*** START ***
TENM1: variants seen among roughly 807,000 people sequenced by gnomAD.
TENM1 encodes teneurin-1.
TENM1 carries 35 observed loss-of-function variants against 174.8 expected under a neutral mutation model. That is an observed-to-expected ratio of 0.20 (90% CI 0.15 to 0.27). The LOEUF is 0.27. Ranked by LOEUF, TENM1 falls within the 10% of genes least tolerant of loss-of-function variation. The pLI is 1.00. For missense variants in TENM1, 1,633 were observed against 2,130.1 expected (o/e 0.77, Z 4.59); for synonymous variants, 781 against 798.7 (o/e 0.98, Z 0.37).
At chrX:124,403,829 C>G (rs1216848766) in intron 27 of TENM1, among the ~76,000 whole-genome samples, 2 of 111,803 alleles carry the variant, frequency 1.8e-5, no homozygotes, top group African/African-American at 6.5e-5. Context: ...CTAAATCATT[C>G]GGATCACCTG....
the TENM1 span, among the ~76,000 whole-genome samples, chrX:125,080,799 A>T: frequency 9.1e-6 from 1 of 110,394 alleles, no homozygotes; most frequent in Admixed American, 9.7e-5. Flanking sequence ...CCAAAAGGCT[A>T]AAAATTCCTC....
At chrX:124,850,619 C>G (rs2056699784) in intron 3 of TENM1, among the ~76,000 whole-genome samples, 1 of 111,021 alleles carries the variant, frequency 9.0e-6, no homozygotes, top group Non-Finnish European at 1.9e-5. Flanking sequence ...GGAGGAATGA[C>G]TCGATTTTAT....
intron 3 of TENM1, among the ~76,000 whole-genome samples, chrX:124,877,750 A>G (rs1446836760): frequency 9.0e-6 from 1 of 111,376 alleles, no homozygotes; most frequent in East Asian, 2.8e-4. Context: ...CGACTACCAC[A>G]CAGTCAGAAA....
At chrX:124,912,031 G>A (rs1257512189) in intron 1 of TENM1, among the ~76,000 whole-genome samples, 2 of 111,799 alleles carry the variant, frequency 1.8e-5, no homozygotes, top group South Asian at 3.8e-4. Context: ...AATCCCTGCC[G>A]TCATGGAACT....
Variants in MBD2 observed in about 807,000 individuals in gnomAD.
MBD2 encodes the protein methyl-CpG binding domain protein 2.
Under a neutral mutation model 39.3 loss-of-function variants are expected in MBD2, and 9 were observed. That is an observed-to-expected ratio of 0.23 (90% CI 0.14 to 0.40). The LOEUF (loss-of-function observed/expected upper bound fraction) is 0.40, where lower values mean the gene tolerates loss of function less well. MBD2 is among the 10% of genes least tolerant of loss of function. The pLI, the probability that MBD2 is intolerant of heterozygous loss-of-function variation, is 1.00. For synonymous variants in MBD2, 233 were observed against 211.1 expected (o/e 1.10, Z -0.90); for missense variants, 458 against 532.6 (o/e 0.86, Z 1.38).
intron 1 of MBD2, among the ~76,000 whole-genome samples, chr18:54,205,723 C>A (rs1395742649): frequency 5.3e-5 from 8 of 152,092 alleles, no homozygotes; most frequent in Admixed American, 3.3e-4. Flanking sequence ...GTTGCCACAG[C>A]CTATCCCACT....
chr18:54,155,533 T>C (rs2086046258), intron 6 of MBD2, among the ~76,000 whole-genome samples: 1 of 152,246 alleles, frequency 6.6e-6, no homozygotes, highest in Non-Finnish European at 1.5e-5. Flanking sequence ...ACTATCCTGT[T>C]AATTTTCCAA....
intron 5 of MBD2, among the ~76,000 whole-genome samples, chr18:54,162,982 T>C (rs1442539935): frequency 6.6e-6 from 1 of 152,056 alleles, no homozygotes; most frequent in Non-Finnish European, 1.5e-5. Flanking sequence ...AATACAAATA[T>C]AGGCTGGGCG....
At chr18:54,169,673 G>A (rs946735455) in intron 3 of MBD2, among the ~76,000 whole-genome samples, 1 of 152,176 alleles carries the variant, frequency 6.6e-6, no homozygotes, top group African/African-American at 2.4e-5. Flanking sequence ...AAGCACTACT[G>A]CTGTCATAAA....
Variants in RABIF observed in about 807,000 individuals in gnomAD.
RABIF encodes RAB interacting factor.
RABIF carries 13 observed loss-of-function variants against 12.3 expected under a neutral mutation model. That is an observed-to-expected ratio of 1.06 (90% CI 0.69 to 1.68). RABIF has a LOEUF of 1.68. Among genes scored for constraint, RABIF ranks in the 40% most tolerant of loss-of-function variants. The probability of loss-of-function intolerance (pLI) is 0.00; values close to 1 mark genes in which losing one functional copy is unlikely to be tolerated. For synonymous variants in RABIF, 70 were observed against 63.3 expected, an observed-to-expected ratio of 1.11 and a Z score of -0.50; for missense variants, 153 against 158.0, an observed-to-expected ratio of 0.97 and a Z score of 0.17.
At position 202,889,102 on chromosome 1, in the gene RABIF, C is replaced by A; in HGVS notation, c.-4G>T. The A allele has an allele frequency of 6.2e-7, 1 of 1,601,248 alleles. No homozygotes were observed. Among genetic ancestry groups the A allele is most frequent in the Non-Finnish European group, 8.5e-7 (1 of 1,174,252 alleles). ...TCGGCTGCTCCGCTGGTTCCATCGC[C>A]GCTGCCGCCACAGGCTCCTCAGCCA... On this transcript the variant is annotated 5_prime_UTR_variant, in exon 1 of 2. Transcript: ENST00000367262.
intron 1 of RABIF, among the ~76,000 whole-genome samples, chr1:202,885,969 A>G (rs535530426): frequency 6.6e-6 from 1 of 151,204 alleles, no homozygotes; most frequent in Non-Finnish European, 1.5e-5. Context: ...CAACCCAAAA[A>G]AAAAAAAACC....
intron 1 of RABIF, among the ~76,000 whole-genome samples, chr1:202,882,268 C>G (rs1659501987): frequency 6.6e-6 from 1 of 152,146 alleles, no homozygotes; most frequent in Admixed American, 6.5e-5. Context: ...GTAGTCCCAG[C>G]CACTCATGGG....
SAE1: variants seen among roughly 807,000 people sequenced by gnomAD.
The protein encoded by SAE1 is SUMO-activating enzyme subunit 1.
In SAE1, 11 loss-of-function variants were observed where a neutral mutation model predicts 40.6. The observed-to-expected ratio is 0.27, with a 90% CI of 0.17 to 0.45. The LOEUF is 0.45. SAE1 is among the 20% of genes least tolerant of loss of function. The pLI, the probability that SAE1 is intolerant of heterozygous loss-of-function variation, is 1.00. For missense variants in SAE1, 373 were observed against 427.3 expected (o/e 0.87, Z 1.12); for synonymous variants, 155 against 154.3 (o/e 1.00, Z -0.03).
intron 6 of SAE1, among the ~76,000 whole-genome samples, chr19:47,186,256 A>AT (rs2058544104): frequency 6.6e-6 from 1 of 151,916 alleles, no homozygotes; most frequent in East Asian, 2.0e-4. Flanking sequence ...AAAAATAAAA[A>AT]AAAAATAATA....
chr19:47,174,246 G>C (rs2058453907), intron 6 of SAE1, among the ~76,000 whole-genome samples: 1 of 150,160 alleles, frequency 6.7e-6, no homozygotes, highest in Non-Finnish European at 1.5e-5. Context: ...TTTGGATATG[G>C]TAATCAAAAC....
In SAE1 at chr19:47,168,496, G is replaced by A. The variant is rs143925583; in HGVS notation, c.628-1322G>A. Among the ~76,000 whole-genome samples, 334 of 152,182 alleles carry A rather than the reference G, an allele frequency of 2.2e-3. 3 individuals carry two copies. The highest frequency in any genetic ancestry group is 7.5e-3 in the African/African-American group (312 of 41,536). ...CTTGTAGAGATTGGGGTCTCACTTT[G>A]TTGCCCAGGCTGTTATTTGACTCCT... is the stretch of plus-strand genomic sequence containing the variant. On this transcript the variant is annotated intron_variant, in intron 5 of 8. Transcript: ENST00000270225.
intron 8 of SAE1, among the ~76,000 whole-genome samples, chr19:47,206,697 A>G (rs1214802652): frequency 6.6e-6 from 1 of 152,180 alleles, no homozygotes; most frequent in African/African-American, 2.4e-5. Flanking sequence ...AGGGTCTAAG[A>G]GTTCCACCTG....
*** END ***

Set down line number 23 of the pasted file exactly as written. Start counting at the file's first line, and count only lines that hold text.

The protein encoded by SAE1 is SUMO-activating enzyme subunit 1.